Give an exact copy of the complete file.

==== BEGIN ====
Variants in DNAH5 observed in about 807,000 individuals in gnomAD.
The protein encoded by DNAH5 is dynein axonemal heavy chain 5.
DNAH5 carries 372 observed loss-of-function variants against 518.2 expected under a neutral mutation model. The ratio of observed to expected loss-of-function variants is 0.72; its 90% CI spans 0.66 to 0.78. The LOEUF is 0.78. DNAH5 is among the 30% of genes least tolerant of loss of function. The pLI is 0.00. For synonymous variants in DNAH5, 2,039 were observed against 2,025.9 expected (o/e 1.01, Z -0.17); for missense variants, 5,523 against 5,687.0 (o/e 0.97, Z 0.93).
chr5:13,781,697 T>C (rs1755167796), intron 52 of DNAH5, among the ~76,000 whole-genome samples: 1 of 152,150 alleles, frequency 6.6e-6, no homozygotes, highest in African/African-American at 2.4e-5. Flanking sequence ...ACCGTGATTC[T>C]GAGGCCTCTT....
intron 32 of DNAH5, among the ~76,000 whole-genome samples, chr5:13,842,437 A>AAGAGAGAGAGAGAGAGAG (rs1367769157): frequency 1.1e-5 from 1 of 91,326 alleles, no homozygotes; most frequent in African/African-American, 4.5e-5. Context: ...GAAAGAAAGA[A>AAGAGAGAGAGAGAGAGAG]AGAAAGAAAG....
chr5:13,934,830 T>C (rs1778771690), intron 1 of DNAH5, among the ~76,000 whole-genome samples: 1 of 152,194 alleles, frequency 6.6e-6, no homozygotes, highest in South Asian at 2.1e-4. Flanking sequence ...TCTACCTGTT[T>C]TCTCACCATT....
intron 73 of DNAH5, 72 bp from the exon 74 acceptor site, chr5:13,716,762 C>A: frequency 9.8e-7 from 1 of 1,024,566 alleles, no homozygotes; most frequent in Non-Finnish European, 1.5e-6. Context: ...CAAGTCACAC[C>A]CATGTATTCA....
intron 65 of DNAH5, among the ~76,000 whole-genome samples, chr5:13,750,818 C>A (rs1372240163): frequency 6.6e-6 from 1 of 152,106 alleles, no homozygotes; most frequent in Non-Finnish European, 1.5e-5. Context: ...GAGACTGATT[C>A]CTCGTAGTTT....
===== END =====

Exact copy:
Variants in DNAH5 observed in about 807,000 individuals in gnomAD.
The protein encoded by DNAH5 is dynein axonemal heavy chain 5.
DNAH5 carries 372 observed loss-of-function variants against 518.2 expected under a neutral mutation model. The ratio of observed to expected loss-of-function variants is 0.72; its 90% CI spans 0.66 to 0.78. The LOEUF is 0.78. DNAH5 is among the 30% of genes least tolerant of loss of function. The pLI is 0.00. For synonymous variants in DNAH5, 2,039 were observed against 2,025.9 expected (o/e 1.01, Z -0.17); for missense variants, 5,523 against 5,687.0 (o/e 0.97, Z 0.93).
chr5:13,781,697 T>C (rs1755167796), intron 52 of DNAH5, among the ~76,000 whole-genome samples: 1 of 152,150 alleles, frequency 6.6e-6, no homozygotes, highest in African/African-American at 2.4e-5. Flanking sequence ...ACCGTGATTC[T>C]GAGGCCTCTT....
intron 32 of DNAH5, among the ~76,000 whole-genome samples, chr5:13,842,437 A>AAGAGAGAGAGAGAGAGAG (rs1367769157): frequency 1.1e-5 from 1 of 91,326 alleles, no homozygotes; most frequent in African/African-American, 4.5e-5. Context: ...GAAAGAAAGA[A>AAGAGAGAGAGAGAGAGAG]AGAAAGAAAG....
chr5:13,934,830 T>C (rs1778771690), intron 1 of DNAH5, among the ~76,000 whole-genome samples: 1 of 152,194 alleles, frequency 6.6e-6, no homozygotes, highest in South Asian at 2.1e-4. Flanking sequence ...TCTACCTGTT[T>C]TCTCACCATT....
intron 73 of DNAH5, 72 bp from the exon 74 acceptor site, chr5:13,716,762 C>A: frequency 9.8e-7 from 1 of 1,024,566 alleles, no homozygotes; most frequent in Non-Finnish European, 1.5e-6. Context: ...CAAGTCACAC[C>A]CATGTATTCA....
intron 65 of DNAH5, among the ~76,000 whole-genome samples, chr5:13,750,818 C>A (rs1372240163): frequency 6.6e-6 from 1 of 152,106 alleles, no homozygotes; most frequent in Non-Finnish European, 1.5e-5. Context: ...GAGACTGATT[C>A]CTCGTAGTTT....